En Camino

Anti-Mining Activist Mariano Abarca Assassinated in Chiapas

Preamble by Manuel Rozental

One day, what is already a known truth will be aknowledged. One day, those who died and keep being killed at the hands of mining corporations will cease to be anonymous victims of impunity. One day, the dark and well known forces that murder people and destroy territories and cultures to accumulate will be exposed.


Bittersweet. Colombia: Electoral Results of March 12th and Perspectives for the May 28th Presidential Election

Official reports called it a “comfortable” victory for President Alvaro Uribe. Of the 100 contested seats for the Colombian senate, Uribe’s supporters obtained 61 seats while those counted as opposition (Liberals and the leftist Polo Democratico Alternativo) obtained 29 seats, while “Independent” parties obtained the remaining 10 seats. At the Chamber of Representatives, the seats went 91 for Uribe, 45 for opposition and 30 for independents of the total 166 seats. In practical terms, this means that Uribe counts with an absolute majority for the upcoming legislative agenda which includes ratification of the recently signed Free Trade Agreement with the USA and a number of reforms that will facilitate corporate control over wealth, resources and territories, as well as savings, investments and cheap labor.

Naomi Klein on Manuel Rozental and Cauca

Naomi Klein wrote an article for the Nation on Manuel's case and Cauca more generally. It is archived at ZNet here.

It was also republished in Toronto's NOW Magazine. That link is here.

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More on Rozental and Exile

Here is a radio interview with Manuel - en espanol - by Radio Nizkor.

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The Price of Our Struggle

The Price of Our Struggle: Individuals and Groups, using threats and dirty war, seek to silence us

Action Alert

Association of Indigenous Councils of Northern Cauca (ACIN)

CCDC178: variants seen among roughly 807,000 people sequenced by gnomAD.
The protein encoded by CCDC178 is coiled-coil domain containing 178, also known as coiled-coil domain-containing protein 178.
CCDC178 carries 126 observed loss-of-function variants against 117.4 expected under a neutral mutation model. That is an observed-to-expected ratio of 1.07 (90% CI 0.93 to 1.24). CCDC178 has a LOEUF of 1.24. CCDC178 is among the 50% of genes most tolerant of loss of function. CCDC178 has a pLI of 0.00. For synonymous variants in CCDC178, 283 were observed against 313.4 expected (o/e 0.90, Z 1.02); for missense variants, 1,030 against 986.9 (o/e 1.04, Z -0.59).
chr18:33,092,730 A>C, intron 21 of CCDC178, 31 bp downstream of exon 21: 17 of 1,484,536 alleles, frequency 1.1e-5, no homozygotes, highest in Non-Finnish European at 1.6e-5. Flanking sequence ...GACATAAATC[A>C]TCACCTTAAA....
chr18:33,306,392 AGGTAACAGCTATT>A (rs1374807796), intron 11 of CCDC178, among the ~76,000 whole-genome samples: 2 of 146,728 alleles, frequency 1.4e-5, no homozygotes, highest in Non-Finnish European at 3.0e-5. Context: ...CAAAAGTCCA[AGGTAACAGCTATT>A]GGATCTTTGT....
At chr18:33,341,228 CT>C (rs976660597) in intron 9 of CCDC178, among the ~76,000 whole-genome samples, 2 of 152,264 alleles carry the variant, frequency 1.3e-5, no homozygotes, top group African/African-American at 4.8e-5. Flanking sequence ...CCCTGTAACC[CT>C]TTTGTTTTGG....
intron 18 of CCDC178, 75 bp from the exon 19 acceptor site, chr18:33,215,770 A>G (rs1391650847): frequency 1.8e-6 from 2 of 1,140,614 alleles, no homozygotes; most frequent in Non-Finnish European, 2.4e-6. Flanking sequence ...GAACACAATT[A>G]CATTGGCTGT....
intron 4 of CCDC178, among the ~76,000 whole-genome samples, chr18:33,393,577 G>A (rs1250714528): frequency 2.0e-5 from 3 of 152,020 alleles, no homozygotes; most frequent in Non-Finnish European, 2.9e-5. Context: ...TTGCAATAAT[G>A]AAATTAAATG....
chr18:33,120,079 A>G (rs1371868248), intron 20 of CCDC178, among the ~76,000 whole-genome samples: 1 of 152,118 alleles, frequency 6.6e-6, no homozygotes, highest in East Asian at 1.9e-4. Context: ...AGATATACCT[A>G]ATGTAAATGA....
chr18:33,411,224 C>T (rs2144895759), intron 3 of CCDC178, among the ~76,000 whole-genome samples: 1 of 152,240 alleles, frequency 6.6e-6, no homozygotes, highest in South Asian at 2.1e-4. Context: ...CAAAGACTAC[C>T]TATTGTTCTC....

October 29, 2005

The Association of Indigenous Councils of Northern Cauca (ACIN) –CXAB WALA KIWE, announces the following to national and international public opinion.

1. In the past several days, a wave of threats has fallen over various of our community members, leaders, and authorities. To us this translates to a clear message that there are those who seek to destabilize the process of the indigenous communities in the northern zone of the department of Cauca.

Can you hear our silence on Haiti?

Silence from the media is expected. But what of the silence from the 'left', while massacres are going on?

Anthony Fenton
March 15, 2004

One thing we didn’t have during the 1991-94 *original* Aristide coup years was the World Wide Web. Back then, leftists could [maybe] be forgiven for their ignorance toward Haitian realities. This time around, there is no excuse. Where between 91-94 there was a relative dearth of insight and analysis into the actualities of the coup and its aftermath, in the lead up to and following the recent coup, we have seen a boon of such articles. In general, alternative, independent media ought to be commended for this.

Joe Emersberger's Letters to the Media

are well-researched and documented and put the journalists (who rarely answer him at all and when they do, answer wholly inadequately) he debates to shame. Because his letters are so frequent and so well done, we collect them here, as he writes them. We hope the letters, and the frequently outrageous responses from the journalists (as well as the much more frequent silences), are instructive.

Mar 11, 2004 to the Globe and Mail

Date: Thu, 11 Mar 2004 23:10:24 EST
To: egreenspon@globeandmail.ca
Subject: Associated Press on Haiti

Mr. Greenspon:

The AP is relentless in pushing the view that Aristide became unpopular. When will you stop spreading their lies?

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Central America Notes

September 6 , 2003

We present some notes collected on critical events during the summer in Central America.

Costa Rica [From the San Jose (Costa Rica) Daily, Nacion]

On July 14, some 15 Costa Rican police agents tried to arrest a group of about 80 campesinos on the Bambuzal estate, owned by Standard Fruit, the US banana company, in Rio Frio, Sarapiqui, Heredia. Just four days earlier, on July 10, authorities had evicted 166 families who had been occupying the Bambuzal estate since December 2001. The July 14 incident happened after water authorities cut off water to a nearby store where the campesinos had set up camp following the eviction. Violence erupted after the police arrived and chased the campesinos back onto the Bambuzal estate…

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Indigenous Movement Breaks with President Lucio Gutierrez


August 6 , 2003

In the face of the most recent declarations and actions of President Lucio Gutiérrez, the Confederation of Indigenous Nationalities of Ecuador (Confederación de Nacionalidades Indígenas del Ecuador, CONAIE) proclaims the following:

The government has betrayed the mandate given to it by the Ecuadorian people in the last elections. This mandate envisioned the defense of national sovereignty, of natural resources, the reactivation of the economy with an eye towards equity, and a commitment to peace. Instead, during these last six months, the government of Lucio Gutiérrez has maintained a position contrary to the national interest by signing a Letter of Intent with the International Monetary Fund (IMF) in which he pledged:

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